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Sept. 25, 2017
Maria (Atlantic Ocean)
Infrared light provides valuable temperature data to forecasters and cloud top temperatures give clues about highest, coldest, strongest storms within a hurricane. NASA's Aqua satellite provided that data and showed strongest storms were in Hurricane Maria's southwestern quadrant.
Image above: On Sept. 24 at 2:35 a.m. EDT (0635 UTC) the Moderate Resolution Imaging Spectroradiometer or MODIS instrument aboard NASA's Aqua satellite analyzed Maria's cloud top temperatures in infrared light. Image Credits: NASA/NRL.
On Sept. 24 at 2:35 a.m. EDT (0635 UTC) the Moderate Resolution Imaging Spectroradiometer or MODIS instrument aboard NASA's Aqua satellite analyzed Maria's cloud top temperatures in infrared light. MODIS found cloud top temperatures of strong thunderstorms in Maria's quadrant as cold as or colder than minus 80 degrees Fahrenheit (minus 62.2 Celsius). Cloud top temperatures that cold indicate strong storms that have the capability to create heavy rain.
NOAA Hurricane Hunter aircraft showed that Maria now has a 30 nautical mile wide eye and indicated that air pressure within had dropped to 948 millibars. On Sept. 23 at 11:20 a.m. EDT (1520 UTC) the MODIS instrument aboard NASA's Terra satellite captured a visible image of Hurricane Maria and it's 30 nautical mile wide eye, when the storm was located east of the Bahamas.
Image above: On Sept. 23 at 11:20 a.m. EDT (1520 UTC) the MODIS instrument aboard NASA's Terra satellite captured this visible image of Hurricane Maria and it's 30 nautical mile wide eye east of the Bahamas. Image Credits: NASA Goddard MODIS Rapid Response Team.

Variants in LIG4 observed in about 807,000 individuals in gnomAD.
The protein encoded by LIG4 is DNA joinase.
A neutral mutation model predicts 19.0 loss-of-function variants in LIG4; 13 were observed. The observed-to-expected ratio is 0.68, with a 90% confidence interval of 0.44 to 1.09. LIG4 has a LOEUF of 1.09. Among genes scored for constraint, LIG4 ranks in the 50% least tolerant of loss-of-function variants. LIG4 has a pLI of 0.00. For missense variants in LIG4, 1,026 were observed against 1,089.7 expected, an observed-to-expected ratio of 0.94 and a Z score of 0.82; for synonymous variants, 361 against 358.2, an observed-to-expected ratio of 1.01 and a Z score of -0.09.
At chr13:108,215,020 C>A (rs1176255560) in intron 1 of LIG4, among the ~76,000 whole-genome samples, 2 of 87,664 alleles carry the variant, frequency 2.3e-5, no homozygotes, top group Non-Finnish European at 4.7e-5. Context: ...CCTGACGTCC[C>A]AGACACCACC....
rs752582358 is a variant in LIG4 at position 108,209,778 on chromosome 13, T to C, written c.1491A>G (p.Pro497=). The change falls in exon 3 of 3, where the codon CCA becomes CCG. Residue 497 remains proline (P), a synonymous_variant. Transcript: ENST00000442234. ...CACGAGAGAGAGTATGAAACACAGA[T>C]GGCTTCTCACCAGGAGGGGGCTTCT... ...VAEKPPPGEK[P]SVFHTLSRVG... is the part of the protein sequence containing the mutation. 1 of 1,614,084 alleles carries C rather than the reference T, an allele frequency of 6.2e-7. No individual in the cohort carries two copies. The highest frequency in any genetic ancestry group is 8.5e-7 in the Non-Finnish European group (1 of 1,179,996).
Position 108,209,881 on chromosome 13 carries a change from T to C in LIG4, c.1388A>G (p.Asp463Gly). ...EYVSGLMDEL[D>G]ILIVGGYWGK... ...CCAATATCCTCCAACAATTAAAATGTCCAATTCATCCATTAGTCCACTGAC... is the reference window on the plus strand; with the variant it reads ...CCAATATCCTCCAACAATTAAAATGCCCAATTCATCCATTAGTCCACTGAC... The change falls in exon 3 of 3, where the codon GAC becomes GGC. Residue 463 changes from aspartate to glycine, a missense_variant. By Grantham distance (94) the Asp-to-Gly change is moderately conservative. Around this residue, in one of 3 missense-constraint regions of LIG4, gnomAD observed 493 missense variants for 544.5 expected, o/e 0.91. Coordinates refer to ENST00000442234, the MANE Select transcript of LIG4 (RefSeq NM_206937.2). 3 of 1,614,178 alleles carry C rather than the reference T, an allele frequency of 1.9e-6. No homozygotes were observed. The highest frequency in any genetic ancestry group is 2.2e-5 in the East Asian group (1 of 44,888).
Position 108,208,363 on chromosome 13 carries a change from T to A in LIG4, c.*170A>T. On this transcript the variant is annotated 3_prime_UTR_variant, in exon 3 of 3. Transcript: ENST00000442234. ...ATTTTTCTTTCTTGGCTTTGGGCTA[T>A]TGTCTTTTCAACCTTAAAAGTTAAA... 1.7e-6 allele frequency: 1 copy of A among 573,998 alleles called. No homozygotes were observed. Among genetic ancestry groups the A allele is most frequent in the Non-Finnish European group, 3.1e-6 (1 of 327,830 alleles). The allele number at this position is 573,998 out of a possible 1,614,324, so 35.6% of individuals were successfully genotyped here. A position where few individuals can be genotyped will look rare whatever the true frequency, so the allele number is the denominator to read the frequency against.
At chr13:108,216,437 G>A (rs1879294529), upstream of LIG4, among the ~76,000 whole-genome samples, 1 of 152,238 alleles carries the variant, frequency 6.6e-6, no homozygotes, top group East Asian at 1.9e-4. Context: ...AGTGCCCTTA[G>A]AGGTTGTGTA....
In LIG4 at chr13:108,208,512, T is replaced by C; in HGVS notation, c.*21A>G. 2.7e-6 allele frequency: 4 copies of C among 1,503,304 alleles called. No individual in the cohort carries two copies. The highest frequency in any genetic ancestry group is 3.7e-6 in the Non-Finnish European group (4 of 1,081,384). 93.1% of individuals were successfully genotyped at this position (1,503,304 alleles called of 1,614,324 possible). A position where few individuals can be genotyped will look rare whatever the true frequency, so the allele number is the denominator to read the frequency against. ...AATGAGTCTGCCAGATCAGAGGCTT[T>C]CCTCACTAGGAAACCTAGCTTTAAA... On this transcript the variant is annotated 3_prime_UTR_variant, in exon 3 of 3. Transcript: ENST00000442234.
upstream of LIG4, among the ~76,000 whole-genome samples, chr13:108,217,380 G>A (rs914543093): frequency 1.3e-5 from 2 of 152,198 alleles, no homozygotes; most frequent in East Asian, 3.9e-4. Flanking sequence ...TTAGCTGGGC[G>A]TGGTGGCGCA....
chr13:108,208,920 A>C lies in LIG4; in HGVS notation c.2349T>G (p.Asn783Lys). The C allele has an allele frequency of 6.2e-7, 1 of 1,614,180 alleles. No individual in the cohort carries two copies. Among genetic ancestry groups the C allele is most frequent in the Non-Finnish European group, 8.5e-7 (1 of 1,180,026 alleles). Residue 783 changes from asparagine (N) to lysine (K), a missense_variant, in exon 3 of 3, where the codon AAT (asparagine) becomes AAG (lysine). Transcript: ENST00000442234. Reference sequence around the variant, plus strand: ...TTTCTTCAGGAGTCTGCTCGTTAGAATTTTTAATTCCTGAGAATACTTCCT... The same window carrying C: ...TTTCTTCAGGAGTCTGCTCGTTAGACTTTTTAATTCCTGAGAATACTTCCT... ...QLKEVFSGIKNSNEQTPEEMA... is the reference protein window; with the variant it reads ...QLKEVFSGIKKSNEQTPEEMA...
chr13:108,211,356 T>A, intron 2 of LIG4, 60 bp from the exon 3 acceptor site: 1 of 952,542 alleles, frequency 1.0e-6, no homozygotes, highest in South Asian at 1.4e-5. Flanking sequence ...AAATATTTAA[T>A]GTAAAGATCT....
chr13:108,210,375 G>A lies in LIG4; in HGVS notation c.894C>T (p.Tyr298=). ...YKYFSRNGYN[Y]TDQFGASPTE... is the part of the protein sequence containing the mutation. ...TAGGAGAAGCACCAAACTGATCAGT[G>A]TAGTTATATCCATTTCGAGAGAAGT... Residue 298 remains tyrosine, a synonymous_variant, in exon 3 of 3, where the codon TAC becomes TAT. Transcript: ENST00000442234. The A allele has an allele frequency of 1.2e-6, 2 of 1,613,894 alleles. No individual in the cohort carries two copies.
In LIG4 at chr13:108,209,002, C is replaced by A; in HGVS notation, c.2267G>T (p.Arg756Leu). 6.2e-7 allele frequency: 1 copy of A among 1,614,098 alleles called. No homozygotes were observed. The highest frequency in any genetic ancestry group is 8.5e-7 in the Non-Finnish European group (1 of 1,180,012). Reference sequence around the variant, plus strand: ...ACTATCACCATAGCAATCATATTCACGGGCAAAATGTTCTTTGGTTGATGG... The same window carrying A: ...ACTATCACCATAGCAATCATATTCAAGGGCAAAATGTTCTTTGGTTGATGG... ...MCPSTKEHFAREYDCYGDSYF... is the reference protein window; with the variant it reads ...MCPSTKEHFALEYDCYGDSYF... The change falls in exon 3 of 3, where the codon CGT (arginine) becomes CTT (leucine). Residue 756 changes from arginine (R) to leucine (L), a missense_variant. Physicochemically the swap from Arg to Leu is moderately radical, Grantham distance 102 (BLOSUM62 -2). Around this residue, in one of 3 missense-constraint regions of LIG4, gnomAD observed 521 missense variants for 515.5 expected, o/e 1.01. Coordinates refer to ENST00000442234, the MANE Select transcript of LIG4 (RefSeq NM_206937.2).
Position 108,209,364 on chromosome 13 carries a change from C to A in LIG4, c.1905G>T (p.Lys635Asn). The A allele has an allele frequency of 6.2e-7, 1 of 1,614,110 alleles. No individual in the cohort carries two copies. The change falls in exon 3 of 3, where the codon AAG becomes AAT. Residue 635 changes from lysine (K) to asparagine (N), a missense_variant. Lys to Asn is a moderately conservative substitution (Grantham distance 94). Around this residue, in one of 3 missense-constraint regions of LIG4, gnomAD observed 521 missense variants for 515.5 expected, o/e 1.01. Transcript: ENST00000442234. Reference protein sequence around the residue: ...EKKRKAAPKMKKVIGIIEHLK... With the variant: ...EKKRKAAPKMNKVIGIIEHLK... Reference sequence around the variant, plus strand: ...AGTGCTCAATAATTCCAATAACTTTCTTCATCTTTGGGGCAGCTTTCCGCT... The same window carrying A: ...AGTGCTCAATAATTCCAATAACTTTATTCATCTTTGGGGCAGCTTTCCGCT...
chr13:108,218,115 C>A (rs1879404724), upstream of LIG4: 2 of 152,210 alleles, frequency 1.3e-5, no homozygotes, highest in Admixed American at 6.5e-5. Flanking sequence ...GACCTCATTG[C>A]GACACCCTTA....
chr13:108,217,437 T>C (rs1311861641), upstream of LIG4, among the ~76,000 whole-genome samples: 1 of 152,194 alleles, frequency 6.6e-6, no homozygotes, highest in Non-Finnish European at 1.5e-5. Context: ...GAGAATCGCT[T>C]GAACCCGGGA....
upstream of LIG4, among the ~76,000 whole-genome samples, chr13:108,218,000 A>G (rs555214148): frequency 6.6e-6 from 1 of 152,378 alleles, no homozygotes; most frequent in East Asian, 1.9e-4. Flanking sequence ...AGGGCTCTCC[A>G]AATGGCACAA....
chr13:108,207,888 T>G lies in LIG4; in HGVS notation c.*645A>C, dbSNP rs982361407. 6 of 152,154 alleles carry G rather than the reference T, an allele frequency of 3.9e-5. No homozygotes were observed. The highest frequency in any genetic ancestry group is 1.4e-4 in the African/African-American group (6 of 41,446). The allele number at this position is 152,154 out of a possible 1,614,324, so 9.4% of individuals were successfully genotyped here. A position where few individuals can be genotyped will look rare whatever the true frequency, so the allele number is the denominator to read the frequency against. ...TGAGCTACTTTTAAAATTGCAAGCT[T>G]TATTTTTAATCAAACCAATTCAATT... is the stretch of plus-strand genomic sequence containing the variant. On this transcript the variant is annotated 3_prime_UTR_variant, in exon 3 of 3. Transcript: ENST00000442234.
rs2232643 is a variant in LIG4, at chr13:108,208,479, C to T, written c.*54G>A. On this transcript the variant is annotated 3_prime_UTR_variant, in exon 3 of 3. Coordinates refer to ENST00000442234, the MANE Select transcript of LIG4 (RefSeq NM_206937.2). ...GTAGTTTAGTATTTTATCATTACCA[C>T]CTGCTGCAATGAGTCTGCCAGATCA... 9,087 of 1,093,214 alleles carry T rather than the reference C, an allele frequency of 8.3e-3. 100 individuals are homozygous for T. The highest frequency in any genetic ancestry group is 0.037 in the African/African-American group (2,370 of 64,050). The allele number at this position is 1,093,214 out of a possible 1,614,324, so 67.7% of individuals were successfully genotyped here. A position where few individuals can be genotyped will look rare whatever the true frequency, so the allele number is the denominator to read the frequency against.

The National Hurricane Center has noted that Maria has taken slightly more of a westward jog, and cautioned "Interests along the Carolina and Mid-Atlantic coasts should monitor the progress of Maria. Tropical storm or hurricane watches may be needed for a portion of the coast later today, Sunday, Sept. 24."
At 5 a.m. EDT on Sunday, September 24, 2017, the eye of Hurricane Maria was located near 27.9 degrees north latitude and 72.7 degrees west longitude. That's about 530 miles (855 km) south-southeast of Cape Hatteras, North Carolina. Maria was moving toward the north near 9 mph (15 kph), and this general motion is expected to continue through Monday.
Reports from a NOAA Hurricane Hunter aircraft indicate that maximum sustained winds are now near 110 mph (175 kph) with higher gusts. Maria is a category 2 hurricane on the Saffir-Simpson Hurricane Wind Scale. Some fluctuations in intensity are likely during the next day or so. Hurricane-force winds extend outward up to 60 miles (95 km) from the center and tropical-storm-force winds extend outward up to 240 miles (390 km).
NOAA Hurricane Hunter aircraft. Image Credit: NOAA
Fluctuations in intensity appear likely during the next 24 to 36 hours as Maria remains over warm water and in an environment of light or moderate vertical wind shear. After that time, the hurricane is likely to encounter the colder water left by Hurricane Jose, which should cause a weakening trend.
On the forecast track, the core of Maria will be moving well east of the United States southeast coast during the next two days.
Maria continues to generate dangerous ocean conditions. Swells generated by Maria are increasing along portions of the southeastern United States coast and Bermuda and will be increasing along the Mid-Atlantic coast later today. Swells also continue to affect Puerto Rico, the Virgin Islands, the northern coast of Hispaniola, the Turks and Caicos Islands, and the Bahamas. These swells are likely to cause life-threatening surf and rip current conditions.
For updates and effects on wind, storm surge and rainfall, visit: http://www.nhc.noaa.gov/
Aqua Satellite: https://www.nasa.gov/mission_pages/aqua/index.html
Terra Satellite: http://www.nasa.gov/mission_pages/terra/index.html
Images (mentioned), Text, Credits: NASA’s Goddard Space Flight Center, by Rob Gutro.